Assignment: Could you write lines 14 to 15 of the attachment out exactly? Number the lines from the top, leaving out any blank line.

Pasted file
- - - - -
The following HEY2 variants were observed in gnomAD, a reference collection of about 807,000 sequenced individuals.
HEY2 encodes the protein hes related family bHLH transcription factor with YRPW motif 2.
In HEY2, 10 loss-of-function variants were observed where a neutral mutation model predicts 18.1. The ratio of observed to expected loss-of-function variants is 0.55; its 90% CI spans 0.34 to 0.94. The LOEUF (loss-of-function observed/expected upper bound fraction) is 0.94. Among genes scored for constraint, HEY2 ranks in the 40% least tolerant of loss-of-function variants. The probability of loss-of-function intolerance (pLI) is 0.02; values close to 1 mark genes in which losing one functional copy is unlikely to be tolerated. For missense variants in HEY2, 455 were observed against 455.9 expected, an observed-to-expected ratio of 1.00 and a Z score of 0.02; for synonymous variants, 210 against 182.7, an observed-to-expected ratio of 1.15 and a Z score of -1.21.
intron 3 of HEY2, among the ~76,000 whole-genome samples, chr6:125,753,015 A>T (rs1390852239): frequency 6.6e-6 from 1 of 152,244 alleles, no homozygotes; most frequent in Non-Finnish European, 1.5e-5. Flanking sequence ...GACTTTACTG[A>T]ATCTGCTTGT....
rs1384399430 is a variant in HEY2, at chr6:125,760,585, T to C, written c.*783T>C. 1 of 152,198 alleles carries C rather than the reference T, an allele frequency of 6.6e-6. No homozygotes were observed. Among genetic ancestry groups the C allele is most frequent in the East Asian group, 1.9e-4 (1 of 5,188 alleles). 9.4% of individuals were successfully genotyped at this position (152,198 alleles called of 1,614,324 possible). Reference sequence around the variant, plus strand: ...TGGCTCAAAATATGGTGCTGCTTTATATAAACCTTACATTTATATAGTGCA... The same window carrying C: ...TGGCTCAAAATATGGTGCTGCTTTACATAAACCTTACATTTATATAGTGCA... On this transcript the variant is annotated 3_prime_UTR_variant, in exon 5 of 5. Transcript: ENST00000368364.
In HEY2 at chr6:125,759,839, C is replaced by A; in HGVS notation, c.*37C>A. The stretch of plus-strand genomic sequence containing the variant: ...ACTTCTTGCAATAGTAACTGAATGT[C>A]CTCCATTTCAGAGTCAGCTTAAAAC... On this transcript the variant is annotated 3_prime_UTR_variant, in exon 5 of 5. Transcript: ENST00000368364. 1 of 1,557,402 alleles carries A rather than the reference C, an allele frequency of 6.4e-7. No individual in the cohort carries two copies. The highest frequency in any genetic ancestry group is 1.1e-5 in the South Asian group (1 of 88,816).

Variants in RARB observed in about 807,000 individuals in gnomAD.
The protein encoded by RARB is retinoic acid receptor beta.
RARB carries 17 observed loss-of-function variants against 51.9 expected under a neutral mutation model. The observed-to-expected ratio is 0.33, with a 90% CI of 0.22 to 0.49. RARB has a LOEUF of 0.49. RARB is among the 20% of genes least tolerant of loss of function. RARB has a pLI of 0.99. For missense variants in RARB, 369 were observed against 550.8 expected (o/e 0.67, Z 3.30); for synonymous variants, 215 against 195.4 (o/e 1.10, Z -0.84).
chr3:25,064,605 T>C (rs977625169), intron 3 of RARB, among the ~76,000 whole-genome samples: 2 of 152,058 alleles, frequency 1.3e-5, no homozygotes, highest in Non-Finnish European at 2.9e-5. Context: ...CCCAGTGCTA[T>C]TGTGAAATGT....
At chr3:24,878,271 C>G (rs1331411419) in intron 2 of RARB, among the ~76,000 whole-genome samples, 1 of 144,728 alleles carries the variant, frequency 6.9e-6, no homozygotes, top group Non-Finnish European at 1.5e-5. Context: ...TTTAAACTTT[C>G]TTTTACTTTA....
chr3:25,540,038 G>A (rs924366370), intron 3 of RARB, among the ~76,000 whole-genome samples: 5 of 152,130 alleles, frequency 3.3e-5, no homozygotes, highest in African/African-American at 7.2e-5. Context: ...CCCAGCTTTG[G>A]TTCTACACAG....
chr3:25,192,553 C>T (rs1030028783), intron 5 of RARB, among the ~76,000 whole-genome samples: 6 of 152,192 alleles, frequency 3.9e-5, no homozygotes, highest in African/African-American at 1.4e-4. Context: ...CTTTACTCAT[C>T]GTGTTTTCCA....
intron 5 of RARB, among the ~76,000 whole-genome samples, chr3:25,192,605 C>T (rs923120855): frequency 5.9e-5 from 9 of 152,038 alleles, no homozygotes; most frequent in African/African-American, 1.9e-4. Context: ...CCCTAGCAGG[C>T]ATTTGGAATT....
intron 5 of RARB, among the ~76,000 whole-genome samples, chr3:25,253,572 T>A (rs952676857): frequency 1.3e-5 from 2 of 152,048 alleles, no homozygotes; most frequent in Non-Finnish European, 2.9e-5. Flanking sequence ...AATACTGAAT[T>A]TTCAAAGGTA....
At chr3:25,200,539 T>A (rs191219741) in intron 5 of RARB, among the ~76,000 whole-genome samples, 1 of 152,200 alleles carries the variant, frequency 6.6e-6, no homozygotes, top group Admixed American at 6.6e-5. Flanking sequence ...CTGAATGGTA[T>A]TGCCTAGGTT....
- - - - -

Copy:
intron 5 of RARB, among the ~76,000 whole-genome samples, chr3:25,192,605 C>T (rs923120855): frequency 5.9e-5 from 9 of 152,038 alleles, no homozygotes; most frequent in African/African-American, 1.9e-4. Context: ...CCCTAGCAGG[C>T]ATTTGGAATT....
intron 5 of RARB, among the ~76,000 whole-genome samples, chr3:25,253,572 T>A (rs952676857): frequency 1.3e-5 from 2 of 152,048 alleles, no homozygotes; most frequent in Non-Finnish European, 2.9e-5. Flanking sequence ...AATACTGAAT[T>A]TTCAAAGGTA....